Harness the raw power of your machine with JavaScript
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README.md

JavaScript

Build Status

As much as we love writing Ruby, when you need to get really close to the metal, you have no choice but to use JavaScript. With this gem, Rubyists can finally harness the raw power of their machines by programming in JavaScript syntax right inside their Ruby applications.

Installation

Add this line to your application's Gemfile:

gem 'javascript'

And then execute:

$ bundle

Or install it yourself as:

$ gem install javascript

Usage

require "javascript"

puts "This is totally Ruby"

javascript {

  console.log("ZOMG JavaScript");

  let a = 1;

  console.log(a);

  a = a + 1;

  console.log(a);

  let b = function(x) {
    console.log(x + 1);
  };

  b(3);

  function c(x) {
    console.log(x + 2);
  }

  c(4);

  function inspectArguments() {
    let args = Array.prototype.join.call(arguments, ", ");
    console.log(`Arguments: ${args}`);
  }

  inspectArguments("a", "b", "c");

  inspectArguments(1, 2, 3, 4, 5);

}

puts "This is Ruby again"

Output:

% ruby test.rb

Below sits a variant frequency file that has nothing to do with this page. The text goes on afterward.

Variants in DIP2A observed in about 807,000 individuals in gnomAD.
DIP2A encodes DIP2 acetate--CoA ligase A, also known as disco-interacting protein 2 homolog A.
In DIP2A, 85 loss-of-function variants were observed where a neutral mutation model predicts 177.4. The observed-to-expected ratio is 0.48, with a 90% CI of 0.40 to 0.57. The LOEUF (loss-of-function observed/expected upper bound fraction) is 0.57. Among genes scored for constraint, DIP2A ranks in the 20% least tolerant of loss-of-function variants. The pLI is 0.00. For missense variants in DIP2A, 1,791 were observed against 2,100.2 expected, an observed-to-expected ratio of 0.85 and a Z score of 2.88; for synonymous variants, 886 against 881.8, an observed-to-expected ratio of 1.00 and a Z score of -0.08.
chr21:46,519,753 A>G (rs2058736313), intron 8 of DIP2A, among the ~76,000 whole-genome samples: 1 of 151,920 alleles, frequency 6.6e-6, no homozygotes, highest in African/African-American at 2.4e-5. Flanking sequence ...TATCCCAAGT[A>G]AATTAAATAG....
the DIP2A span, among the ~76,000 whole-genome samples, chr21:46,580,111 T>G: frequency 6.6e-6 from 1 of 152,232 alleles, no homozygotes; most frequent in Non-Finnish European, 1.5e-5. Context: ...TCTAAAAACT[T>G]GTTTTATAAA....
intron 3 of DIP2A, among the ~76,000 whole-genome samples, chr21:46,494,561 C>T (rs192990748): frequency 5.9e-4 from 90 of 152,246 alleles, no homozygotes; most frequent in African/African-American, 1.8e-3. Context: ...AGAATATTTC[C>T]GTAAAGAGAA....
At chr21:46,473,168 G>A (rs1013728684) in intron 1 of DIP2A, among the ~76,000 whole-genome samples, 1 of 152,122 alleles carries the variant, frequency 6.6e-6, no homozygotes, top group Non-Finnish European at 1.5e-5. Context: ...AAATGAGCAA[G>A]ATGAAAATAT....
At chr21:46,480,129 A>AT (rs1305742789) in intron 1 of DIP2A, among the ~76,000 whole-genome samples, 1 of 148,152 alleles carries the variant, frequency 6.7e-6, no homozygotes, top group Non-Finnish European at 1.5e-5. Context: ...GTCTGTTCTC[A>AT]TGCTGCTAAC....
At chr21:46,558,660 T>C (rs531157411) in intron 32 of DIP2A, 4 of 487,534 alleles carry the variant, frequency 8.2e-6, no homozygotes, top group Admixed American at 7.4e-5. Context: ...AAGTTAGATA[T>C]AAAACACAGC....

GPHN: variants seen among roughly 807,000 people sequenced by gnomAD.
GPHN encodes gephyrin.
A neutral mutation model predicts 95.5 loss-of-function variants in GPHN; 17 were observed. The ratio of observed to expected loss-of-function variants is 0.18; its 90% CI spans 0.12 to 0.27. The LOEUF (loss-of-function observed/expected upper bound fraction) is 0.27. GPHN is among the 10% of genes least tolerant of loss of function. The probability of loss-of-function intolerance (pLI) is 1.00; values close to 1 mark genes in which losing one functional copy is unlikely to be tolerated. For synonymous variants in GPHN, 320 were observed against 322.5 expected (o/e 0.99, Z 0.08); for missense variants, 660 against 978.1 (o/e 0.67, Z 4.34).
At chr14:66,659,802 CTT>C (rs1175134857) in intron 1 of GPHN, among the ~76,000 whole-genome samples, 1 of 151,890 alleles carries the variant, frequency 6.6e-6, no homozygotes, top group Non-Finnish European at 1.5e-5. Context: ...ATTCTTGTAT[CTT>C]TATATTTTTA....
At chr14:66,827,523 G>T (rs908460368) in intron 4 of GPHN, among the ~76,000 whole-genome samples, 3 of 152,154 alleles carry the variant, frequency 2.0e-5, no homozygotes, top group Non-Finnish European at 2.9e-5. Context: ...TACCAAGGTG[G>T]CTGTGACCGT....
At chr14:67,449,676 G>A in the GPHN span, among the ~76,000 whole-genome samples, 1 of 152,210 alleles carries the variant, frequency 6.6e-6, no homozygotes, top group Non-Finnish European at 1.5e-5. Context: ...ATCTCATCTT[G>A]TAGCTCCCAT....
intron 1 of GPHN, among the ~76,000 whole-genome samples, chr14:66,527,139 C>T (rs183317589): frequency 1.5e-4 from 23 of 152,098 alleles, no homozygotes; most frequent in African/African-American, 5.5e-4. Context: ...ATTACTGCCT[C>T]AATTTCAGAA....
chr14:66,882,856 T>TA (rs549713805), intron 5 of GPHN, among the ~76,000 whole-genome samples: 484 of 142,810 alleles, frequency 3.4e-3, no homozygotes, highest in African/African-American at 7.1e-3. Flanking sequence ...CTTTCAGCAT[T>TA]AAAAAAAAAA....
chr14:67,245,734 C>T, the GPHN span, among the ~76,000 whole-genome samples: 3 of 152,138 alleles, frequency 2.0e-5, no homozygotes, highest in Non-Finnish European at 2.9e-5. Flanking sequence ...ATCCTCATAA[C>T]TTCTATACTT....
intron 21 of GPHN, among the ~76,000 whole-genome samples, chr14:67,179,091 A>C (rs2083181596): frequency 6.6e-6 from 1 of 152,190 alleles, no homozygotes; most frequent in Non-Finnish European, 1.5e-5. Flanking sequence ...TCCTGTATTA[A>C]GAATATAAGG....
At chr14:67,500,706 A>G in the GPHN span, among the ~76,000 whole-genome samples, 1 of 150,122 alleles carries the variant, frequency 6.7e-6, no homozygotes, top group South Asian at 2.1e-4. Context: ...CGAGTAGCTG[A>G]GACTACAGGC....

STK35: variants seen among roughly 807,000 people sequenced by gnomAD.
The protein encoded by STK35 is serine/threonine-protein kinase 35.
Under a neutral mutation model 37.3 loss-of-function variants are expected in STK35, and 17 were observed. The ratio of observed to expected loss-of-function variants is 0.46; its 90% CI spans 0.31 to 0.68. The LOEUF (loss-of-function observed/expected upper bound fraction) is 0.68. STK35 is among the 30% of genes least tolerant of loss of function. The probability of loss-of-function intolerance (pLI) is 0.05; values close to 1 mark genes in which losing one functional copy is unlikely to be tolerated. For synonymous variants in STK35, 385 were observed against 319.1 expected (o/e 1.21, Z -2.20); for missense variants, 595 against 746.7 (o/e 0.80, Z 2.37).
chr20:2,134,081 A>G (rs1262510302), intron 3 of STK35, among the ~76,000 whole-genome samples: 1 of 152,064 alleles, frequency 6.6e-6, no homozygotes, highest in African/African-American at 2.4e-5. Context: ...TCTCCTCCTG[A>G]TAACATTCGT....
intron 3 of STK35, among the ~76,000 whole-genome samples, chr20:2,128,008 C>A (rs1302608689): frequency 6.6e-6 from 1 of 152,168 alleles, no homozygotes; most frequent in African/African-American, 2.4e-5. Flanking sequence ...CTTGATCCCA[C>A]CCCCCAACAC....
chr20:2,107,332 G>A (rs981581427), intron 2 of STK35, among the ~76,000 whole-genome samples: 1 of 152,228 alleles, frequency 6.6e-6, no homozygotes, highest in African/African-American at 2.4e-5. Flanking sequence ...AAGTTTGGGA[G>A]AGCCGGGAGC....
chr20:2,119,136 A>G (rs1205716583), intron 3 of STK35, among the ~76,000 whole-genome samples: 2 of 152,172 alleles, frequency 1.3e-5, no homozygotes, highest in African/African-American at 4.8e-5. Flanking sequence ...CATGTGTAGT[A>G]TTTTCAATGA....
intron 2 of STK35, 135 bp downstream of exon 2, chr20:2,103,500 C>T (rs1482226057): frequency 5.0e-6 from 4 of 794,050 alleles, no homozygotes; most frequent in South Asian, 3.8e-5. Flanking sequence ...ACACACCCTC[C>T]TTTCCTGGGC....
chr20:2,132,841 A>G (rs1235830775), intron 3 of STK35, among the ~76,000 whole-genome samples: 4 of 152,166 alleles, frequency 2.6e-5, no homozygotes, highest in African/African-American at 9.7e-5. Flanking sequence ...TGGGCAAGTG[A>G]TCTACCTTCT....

This is totally Ruby
ZOMG JavaScript
1
2
4
6
Arguments: a, b, c
Arguments: 1, 2, 3, 4, 5
This is Ruby again
%

JavaScript + Rails = <3

Because Rails embraces callbacks, this gem is the perfectly compliment for your Rails application. For example:

require "javascript"

class Post < ActiveRecord::Base
  before_create &javascript {
    function(post) {
      post.slug = post.title.parameterize();
    }
  }
end

Alternatively:

require "javascript"

class Post < ActiveRecord::Base
  before_create &javascript {
    function() {
      this.slug = this.title.parameterize();
    }
  }
end

No Conflict Mode

If the javascript helper conflicts with an existing method, you use this gem in the "no conflict" mode:

require "javascript/no_conflict"

# Or add this to your Gemfile:
#
#   gem "javascript", require: "javascript/no_conflict"
#

JavaScript.eval {
  console.log("JavaScript here");
}

# You can also define your own helper method

module Kernel
  private def metal(&block)
    JavaScript.eval(&block)
  end
end

metal {
  console.log("JavaScript here");
}

Pros

  • Gives you the illusion of programming in a closer to the metal syntax.
  • The examples in this README actually work.

Cons

  • Things that aren't covered in the examples probably won't ever work.
  • Not enough jQuery.

Contributing

  1. Fork it ( https://github.com/chancancode/javascript/fork )
  2. Create your feature branch (git checkout -b my-new-feature)
  3. Commit your changes (git commit -am 'Add some feature')
  4. Push to the branch (git push origin my-new-feature)
  5. Create a new Pull Request